How Do I Become a Fragrance Chemist?

Explore the career requirements for fragrance chemists. Get the facts about degree requirements, salary, job duties and career outlook to determine if this is the right career for you. Schools offering Science, Technology, and International Security degrees can also be found in these popular choices.

What Does a Fragrance Chemist Do?

Fragrance chemists create scents for products like perfumes and foods, or they may conduct research into how to improve manufacturing efficiency or cut down on fragrance costs. They may work in both industry and academia. If they work for private companies, they may be tasked with more scent development. In academia, they may study the underlying biology of the sense of smell, such as olfactory receptors, and how the information may be applied to the development of new fragrances. Based on their findings, they write up reports for academic journals or company executives. A background in chemistry is necessary. The table below provides an overview of key information needed to work in this field.

Degree Required Bachelor's degree for entry-level work; Master's or doctoral degree for independent research positions
Education Field of Study Chemistry
Key Responsibilities Test and develop new scents, analyze fragrances
Job Growth (2014-2024) 3% (for all chemists)*
Median Salary (2015) $71,260 (for all chemists)*

Sources: *U.S. Bureau of Labor Statistics

What Is a Fragrance Chemist?

A fragrance chemist helps to develop fragrances for a number of different industries, including food, perfume, cleaning products or manufacturing. In this job, you'll often work with flavors, as well. You could be required to be proficient in gas chromatography, a method in which chemical substances can be analyzed, mixtures can be separated, compounds purified or thermochemical constants determined. This job could require you to perform scientific, technical and administrative duties. Job responsibilities might include the following:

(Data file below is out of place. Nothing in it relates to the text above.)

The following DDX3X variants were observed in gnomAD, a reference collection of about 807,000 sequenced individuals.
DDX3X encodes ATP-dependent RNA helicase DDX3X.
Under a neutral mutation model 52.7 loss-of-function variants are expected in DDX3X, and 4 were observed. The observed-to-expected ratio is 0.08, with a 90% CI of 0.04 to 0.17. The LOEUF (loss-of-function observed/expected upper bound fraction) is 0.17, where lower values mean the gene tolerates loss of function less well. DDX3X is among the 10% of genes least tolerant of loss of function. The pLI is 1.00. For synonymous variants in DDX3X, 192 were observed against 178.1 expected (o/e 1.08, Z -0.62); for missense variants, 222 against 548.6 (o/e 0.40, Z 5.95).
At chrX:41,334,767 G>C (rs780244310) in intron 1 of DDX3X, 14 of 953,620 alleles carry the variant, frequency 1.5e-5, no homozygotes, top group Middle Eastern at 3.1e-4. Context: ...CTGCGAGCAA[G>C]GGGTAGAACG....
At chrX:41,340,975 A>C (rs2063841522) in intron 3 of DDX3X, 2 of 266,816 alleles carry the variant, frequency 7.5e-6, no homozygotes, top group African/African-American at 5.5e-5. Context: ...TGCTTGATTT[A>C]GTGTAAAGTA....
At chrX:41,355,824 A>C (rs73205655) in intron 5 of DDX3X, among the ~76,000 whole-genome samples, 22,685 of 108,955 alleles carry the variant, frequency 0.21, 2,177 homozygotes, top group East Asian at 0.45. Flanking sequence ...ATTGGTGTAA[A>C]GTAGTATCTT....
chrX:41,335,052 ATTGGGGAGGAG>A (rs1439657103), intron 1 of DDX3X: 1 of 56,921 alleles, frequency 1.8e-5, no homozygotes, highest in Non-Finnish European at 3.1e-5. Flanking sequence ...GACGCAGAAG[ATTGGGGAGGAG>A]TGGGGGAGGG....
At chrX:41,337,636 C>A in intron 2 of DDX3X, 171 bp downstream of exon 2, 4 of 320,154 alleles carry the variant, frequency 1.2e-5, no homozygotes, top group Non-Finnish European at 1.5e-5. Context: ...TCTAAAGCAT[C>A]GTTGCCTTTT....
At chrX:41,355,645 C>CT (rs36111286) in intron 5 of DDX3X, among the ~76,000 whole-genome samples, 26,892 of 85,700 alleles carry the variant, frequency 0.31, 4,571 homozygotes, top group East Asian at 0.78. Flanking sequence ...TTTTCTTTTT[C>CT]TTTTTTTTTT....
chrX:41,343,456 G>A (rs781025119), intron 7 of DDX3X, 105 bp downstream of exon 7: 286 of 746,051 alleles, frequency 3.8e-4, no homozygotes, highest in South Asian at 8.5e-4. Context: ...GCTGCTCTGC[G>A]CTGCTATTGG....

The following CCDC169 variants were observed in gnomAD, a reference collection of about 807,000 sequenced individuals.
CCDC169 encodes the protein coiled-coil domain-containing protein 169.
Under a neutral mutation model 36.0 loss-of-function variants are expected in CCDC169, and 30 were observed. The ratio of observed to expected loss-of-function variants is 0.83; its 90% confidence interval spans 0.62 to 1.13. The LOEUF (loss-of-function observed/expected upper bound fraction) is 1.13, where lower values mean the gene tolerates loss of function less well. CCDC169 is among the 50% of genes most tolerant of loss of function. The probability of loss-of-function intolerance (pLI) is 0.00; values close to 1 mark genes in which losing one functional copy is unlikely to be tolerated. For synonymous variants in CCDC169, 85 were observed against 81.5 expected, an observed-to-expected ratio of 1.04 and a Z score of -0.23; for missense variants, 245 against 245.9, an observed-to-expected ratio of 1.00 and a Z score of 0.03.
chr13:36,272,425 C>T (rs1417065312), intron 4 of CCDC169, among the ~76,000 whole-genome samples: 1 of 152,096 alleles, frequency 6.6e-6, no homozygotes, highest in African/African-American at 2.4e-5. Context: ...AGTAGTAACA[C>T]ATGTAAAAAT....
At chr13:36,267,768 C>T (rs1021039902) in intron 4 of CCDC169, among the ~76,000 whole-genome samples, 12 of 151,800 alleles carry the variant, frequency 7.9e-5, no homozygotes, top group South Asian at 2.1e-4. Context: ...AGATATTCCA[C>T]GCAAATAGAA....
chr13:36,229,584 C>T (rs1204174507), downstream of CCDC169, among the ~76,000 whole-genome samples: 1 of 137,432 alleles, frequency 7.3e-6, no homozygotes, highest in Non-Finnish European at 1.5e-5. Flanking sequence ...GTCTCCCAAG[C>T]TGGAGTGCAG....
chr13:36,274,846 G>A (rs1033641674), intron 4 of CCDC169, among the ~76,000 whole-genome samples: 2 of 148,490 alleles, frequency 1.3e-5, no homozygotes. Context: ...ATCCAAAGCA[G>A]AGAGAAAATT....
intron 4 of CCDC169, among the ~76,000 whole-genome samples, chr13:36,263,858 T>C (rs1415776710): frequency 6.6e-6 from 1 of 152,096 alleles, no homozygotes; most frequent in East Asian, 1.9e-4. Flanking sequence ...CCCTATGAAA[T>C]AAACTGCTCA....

• Gas chromatograph operation
  • Flash point, refractive index and gravity analysis
  • Evaluation of raw materials
  • Data analysis
  • Fragrance formulation and development
  • Refractometer operation
  • Calorimeter operation

How Do I Get This Job?

The U.S. Bureau of Labor Statistics (BLS) stated that a bachelor's degree in chemistry is often a minimum educational requirement, though you might need a master's or doctoral degree (www.bls.gov). Degree programs in chemistry combine in-class instruction with hands-on learning. Bachelor's programs often offer opportunities for research and internships, and graduate programs focus primarily on research. Topics in chemistry courses include:

  • Organic chemistry
  • Inorganic chemistry
  • Chemical statistics
  • Physics
  • Physical chemistry
  • Biochemistry
  • Biology
  • Principles of cosmetic chemistry

What Is the Job Market Like?

The BLS reported that employment for chemists was expected to increase 3% between 2014 and 2024, which is slower than the average for all occupations. You might experience competition for jobs, especially in the manufacturing industry, due to outsourcing to lower-paying countries and specialized firms. The BLS stated that you could improve your marketability with a graduate degree, and you could supplement your employment by pursuing a teaching education and license.

What Are Some Related Alternative Careers?

As a chemist, you could choose to focus your work on an area other than fragrance chemistry. For instance, you could study a topic within medicinal, analytical or even theoretical chemistry, depending on your area of interest. Like fragrance chemists, other types of chemists can work in academic or industrial settings, and jobs are available with bachelor's, master's and doctoral degrees. Alternatively, you could consider studying a different scientific subject, such as physics or astronomy. Leading academic researchers in these fields need to have a Ph.D., but jobs are also available for bachelor's and master's degree-holders in private companies and government agencies.

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